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The eagle. (Silver City, N.M.) 1894-1???, May 15, 1895, Image 1

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Persistent link: https://chroniclingamerica.loc.gov/lccn/sn92070477/1895-05-15/ed-1/seq-1/

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VOL 1, NO. ;-).
fPL1! I MU nv nttirnn
luuuriU nlLV Tilt.
The Colorado Senator Says Some
Sensible Things.
Menu wliMi OiiBht to Set Aim-rkmi Mim-iifiulur.-rH
lo ThlnkliiK Aliimt
tli I'nl lire.
I like to do all the writing and talking
piissiliUt on Hit' silver issue, for I (eel
inore I lian ever that it is a most mo
mentous question, lmt I cannot always
spare (he time. I do more of this work
than I should. The subject is so vast;
ii families in so many directions and
the arguments are so numerous that it
requires care and thought to give in a sin
gle article a single phase of the subject.
The president 's recent letter to Chicago
was an appeal to the supporters of the
gold standard to defend that system bv
proclaiming for it the merit of soundness
and lo declare all other systems unsound
and the supporters of all others advo
cates of a debased currency. In his
opinion I suppose we are advocates of an
unsound currency. It is to he regretted
that the president did not point out to
us some of the advantages of the gold
standard as well as tin possible danger
to the country if we return to the use of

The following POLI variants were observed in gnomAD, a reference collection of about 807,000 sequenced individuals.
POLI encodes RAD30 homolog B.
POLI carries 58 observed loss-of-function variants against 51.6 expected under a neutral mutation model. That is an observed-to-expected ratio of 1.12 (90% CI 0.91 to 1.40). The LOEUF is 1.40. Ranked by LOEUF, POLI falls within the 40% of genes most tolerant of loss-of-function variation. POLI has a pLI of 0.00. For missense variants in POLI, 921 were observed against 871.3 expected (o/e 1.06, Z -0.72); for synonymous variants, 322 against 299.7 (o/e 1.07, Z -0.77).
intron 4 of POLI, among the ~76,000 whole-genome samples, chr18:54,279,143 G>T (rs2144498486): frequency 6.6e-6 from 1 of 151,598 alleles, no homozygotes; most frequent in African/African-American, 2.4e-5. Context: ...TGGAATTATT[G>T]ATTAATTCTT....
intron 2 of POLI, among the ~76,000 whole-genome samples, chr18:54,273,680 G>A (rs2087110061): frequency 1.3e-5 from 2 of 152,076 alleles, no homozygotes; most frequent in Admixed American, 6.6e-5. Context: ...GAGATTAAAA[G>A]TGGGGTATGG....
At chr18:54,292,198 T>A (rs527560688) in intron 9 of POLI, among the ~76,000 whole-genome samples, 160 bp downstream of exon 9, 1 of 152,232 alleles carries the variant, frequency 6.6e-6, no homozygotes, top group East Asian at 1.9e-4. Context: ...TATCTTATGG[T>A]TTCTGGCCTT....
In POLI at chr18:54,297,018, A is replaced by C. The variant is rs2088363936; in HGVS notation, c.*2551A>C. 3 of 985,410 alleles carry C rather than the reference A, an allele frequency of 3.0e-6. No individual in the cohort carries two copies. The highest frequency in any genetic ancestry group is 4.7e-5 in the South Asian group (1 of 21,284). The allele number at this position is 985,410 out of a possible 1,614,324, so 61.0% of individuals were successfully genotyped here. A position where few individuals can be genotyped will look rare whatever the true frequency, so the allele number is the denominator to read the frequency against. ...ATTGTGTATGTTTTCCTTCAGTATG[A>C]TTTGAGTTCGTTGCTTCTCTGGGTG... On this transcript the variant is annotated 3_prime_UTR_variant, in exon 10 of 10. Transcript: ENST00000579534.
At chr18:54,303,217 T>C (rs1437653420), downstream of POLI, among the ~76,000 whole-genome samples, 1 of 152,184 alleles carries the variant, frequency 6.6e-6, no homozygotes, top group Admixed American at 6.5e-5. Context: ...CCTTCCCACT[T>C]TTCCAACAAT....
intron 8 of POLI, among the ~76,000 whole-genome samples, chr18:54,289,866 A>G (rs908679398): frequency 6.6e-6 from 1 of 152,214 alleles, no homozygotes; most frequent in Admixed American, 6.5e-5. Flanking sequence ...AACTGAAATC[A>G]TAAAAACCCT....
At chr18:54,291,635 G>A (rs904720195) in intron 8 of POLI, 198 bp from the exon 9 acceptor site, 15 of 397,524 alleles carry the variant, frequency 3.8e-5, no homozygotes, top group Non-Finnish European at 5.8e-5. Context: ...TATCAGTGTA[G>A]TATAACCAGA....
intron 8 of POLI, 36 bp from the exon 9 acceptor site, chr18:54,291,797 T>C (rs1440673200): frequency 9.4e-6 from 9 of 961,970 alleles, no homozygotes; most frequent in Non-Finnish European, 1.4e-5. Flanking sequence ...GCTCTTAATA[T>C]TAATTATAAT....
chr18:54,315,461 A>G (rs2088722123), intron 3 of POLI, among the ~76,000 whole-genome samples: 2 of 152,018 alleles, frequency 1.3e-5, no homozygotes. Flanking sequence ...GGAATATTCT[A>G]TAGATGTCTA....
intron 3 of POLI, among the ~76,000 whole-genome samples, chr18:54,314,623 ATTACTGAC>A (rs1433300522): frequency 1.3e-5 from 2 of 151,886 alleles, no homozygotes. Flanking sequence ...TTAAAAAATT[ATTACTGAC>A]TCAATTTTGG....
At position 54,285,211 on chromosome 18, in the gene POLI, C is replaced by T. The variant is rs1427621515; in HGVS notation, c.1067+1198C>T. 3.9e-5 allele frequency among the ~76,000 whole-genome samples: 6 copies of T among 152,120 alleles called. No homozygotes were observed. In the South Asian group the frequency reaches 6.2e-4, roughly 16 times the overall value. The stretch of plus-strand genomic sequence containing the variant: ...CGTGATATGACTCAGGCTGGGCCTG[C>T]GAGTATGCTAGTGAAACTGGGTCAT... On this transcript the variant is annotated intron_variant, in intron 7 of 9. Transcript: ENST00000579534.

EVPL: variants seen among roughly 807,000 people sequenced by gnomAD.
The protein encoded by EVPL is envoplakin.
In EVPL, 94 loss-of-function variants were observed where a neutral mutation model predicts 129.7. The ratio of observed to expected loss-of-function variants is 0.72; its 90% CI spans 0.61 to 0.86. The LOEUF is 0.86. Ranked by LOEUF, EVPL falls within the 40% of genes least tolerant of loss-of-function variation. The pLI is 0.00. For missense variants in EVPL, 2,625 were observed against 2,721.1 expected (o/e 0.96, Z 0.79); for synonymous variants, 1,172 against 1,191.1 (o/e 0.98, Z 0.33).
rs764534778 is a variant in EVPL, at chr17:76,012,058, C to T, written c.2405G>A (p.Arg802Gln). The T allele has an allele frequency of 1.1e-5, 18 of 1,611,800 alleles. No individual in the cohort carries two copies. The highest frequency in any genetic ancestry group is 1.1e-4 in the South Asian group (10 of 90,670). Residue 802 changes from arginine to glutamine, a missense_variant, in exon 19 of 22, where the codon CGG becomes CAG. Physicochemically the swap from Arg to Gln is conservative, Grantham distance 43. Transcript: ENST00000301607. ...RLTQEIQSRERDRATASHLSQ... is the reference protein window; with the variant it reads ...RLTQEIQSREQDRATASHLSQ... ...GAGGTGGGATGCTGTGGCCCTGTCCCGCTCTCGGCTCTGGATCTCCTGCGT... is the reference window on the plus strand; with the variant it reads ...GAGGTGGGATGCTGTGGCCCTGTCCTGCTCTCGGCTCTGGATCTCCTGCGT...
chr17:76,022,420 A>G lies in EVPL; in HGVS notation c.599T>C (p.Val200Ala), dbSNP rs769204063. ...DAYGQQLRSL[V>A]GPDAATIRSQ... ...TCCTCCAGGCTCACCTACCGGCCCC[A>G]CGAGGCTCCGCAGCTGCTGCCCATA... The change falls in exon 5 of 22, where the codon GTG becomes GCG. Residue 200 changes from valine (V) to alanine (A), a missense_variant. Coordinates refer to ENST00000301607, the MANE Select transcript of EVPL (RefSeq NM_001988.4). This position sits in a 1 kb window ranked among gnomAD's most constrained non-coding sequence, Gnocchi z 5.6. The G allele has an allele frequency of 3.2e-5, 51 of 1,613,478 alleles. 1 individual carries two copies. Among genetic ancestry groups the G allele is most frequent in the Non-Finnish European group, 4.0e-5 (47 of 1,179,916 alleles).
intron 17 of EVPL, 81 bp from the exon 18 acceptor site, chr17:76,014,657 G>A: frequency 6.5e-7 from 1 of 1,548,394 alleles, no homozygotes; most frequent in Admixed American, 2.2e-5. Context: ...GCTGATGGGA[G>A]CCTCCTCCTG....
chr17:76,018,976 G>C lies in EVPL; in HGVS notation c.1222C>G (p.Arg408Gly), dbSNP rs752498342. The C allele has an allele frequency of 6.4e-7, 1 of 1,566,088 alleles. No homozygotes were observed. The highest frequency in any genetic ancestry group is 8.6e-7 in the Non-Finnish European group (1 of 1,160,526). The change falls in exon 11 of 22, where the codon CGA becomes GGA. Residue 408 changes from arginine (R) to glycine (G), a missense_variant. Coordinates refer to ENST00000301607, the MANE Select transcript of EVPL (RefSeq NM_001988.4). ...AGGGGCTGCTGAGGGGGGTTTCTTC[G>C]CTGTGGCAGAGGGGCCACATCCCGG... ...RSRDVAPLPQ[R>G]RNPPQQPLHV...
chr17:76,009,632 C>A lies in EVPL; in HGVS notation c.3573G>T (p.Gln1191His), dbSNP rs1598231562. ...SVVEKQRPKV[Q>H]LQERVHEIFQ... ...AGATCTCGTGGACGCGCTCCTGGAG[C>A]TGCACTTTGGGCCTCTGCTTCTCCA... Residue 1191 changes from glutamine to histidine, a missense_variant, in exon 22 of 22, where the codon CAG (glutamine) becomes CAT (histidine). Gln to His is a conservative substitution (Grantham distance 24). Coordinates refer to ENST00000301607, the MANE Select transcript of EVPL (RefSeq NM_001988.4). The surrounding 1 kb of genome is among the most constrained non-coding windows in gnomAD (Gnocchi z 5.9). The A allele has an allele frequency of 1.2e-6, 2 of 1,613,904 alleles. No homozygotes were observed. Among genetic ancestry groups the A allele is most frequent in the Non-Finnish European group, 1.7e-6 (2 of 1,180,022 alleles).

both gold and silver as such Use existed
in the I'niied Slates prior to 1ST:!.
Up lo that time practically the whole
world hail the benelit of the use of both
silver and gold as money of ultimate re
demption. Kngland was on a gold basis
and (lerniany on a silver basis, it is true,
but the mints of Trance were open to
both gold and silver, and Kngland had
the benelils of an open mint. fr silver in
France but a short distance fiom Eng
land's commercial center, while (ier
many has the French mint for its gold.
The Knglishnuin desiring lo put his sil
ver into money could do so either bv
sending it over to the free coinage mint
in France or by rending it to (icrmany
and exchanging it there ii a ratio of
liflecn and one-half ounces of silver for
an ounce of gold. The (crinan having
gold which he wished changed into
money had but to send it to . England to
be coined or to France for exchange into
French money. This was freely done,
and all ihegold aid silver not required
for export from Kurope was coined into
money at. some Kuropean mint. The
United Slates, mints were open to the
coinage of both silver and gold at a ratio
of a little less than sixteen ounces of sil
ver to one of gold, which ratio we speak
of as Hi to 1.
While all the world was not on a bi
metallic basis, all the world had the ad
vantages and benelits conferred by that
system, for Kngland, France, the United
Slates and others were ready to coin all
the silver offered, and this gave gold and
silver bullion a money value equal at all
times to the coin that could be made out
of it. Then all countries by the system
of commercial exchange had the full ad
vantage of the bimetallic coinage.
Head history and tell me where there
is anything to justify the president in
supposing that a return to the condition
of linance existing prior to 1871! would
be fraught, with disaster. The countries
that, have abandoned the use of silver
have not beueliled their financial condi
tion and the linancial condition of the!
world today is much less satisfactory
than it was for many years preceding
1871!. Kxchange has fluctuated to a1
greater degree since that year between
silver-using and gold-using countries
jand now seriously threatens to transferí